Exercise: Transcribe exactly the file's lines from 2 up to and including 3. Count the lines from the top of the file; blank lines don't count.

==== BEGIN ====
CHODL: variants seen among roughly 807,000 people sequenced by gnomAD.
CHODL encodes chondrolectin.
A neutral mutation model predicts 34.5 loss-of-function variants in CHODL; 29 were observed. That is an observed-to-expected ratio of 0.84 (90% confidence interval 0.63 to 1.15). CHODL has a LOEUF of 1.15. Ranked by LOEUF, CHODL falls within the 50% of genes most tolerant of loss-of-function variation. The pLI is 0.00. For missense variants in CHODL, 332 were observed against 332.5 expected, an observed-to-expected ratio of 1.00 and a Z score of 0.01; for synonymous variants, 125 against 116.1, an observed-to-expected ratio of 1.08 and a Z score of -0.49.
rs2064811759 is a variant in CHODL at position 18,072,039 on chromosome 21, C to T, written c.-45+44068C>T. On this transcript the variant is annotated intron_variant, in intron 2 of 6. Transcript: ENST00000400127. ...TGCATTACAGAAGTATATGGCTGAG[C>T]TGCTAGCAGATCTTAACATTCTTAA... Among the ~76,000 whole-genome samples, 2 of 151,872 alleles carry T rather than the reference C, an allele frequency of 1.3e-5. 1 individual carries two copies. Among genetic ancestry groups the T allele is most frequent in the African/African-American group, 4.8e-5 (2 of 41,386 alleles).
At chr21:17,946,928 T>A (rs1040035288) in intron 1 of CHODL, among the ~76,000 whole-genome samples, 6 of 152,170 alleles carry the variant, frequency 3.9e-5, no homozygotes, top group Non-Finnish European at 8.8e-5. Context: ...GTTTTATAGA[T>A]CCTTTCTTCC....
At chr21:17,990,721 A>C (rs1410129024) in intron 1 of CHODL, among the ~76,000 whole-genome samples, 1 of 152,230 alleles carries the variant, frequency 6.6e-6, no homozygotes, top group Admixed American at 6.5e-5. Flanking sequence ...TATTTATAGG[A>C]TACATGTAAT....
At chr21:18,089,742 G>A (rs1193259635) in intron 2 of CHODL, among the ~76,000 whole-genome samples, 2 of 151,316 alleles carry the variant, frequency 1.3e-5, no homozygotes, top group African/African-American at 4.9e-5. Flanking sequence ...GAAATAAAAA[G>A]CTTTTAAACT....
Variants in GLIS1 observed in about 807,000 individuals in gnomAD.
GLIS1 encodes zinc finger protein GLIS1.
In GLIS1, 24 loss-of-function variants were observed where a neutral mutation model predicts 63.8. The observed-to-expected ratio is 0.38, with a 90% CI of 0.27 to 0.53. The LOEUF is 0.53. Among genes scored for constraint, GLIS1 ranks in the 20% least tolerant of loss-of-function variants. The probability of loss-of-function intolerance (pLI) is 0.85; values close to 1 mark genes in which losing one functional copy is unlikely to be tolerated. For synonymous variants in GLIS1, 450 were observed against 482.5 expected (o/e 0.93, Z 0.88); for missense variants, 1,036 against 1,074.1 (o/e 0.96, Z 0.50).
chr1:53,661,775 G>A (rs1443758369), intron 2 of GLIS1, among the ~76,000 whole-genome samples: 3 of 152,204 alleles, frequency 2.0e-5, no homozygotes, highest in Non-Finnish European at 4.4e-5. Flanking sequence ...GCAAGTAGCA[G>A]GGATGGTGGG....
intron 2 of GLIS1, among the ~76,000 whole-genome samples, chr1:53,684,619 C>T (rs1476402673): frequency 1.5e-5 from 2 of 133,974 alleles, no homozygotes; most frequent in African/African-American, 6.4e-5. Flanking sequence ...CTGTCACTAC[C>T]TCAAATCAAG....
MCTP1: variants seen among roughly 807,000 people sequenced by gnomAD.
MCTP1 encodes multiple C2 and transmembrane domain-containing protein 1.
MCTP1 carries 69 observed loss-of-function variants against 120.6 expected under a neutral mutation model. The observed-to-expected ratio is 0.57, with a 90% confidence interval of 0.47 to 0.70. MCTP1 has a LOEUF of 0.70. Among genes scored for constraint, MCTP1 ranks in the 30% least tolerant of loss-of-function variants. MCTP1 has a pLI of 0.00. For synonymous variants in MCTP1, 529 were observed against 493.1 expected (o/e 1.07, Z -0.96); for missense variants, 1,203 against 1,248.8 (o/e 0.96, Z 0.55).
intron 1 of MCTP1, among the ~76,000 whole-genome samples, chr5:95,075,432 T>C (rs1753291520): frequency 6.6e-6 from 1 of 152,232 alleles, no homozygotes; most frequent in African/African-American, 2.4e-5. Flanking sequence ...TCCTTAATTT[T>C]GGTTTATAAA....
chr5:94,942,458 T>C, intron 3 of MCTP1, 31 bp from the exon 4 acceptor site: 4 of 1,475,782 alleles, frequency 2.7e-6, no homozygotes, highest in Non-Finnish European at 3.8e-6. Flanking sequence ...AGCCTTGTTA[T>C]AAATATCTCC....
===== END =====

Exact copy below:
CHODL encodes chondrolectin.
A neutral mutation model predicts 34.5 loss-of-function variants in CHODL; 29 were observed. That is an observed-to-expected ratio of 0.84 (90% confidence interval 0.63 to 1.15). CHODL has a LOEUF of 1.15. Ranked by LOEUF, CHODL falls within the 50% of genes most tolerant of loss-of-function variation. The pLI is 0.00. For missense variants in CHODL, 332 were observed against 332.5 expected, an observed-to-expected ratio of 1.00 and a Z score of 0.01; for synonymous variants, 125 against 116.1, an observed-to-expected ratio of 1.08 and a Z score of -0.49.